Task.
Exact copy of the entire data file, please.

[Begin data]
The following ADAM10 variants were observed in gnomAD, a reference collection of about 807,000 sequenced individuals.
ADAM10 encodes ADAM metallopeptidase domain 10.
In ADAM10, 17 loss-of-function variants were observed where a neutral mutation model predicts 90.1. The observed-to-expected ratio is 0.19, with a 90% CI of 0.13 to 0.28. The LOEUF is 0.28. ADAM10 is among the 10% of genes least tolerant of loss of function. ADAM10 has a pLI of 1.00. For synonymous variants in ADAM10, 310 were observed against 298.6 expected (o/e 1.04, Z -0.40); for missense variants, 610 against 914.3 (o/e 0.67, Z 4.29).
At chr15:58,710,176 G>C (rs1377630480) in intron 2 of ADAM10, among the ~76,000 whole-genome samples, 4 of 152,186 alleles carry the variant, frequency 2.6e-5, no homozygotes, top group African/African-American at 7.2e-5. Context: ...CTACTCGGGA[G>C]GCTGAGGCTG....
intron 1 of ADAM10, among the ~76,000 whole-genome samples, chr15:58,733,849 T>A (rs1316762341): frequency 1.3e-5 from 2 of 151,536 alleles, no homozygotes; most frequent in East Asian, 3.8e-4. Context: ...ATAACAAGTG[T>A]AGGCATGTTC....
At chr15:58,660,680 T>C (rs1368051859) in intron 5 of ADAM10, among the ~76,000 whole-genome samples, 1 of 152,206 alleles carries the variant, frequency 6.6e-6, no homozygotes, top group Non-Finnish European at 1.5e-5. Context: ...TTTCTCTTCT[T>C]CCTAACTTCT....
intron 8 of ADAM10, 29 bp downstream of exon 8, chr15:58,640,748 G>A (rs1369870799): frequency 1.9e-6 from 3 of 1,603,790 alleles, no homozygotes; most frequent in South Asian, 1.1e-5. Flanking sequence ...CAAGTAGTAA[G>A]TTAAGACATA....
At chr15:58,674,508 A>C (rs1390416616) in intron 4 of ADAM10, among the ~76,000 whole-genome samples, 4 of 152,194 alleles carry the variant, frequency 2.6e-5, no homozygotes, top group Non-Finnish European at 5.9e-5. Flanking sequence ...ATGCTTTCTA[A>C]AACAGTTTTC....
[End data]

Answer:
The following ADAM10 variants were observed in gnomAD, a reference collection of about 807,000 sequenced individuals.
ADAM10 encodes ADAM metallopeptidase domain 10.
In ADAM10, 17 loss-of-function variants were observed where a neutral mutation model predicts 90.1. The observed-to-expected ratio is 0.19, with a 90% CI of 0.13 to 0.28. The LOEUF is 0.28. ADAM10 is among the 10% of genes least tolerant of loss of function. ADAM10 has a pLI of 1.00. For synonymous variants in ADAM10, 310 were observed against 298.6 expected (o/e 1.04, Z -0.40); for missense variants, 610 against 914.3 (o/e 0.67, Z 4.29).
At chr15:58,710,176 G>C (rs1377630480) in intron 2 of ADAM10, among the ~76,000 whole-genome samples, 4 of 152,186 alleles carry the variant, frequency 2.6e-5, no homozygotes, top group African/African-American at 7.2e-5. Context: ...CTACTCGGGA[G>C]GCTGAGGCTG....
intron 1 of ADAM10, among the ~76,000 whole-genome samples, chr15:58,733,849 T>A (rs1316762341): frequency 1.3e-5 from 2 of 151,536 alleles, no homozygotes; most frequent in East Asian, 3.8e-4. Context: ...ATAACAAGTG[T>A]AGGCATGTTC....
At chr15:58,660,680 T>C (rs1368051859) in intron 5 of ADAM10, among the ~76,000 whole-genome samples, 1 of 152,206 alleles carries the variant, frequency 6.6e-6, no homozygotes, top group Non-Finnish European at 1.5e-5. Context: ...TTTCTCTTCT[T>C]CCTAACTTCT....
intron 8 of ADAM10, 29 bp downstream of exon 8, chr15:58,640,748 G>A (rs1369870799): frequency 1.9e-6 from 3 of 1,603,790 alleles, no homozygotes; most frequent in South Asian, 1.1e-5. Flanking sequence ...CAAGTAGTAA[G>A]TTAAGACATA....
At chr15:58,674,508 A>C (rs1390416616) in intron 4 of ADAM10, among the ~76,000 whole-genome samples, 4 of 152,194 alleles carry the variant, frequency 2.6e-5, no homozygotes, top group Non-Finnish European at 5.9e-5. Flanking sequence ...ATGCTTTCTA[A>C]AACAGTTTTC....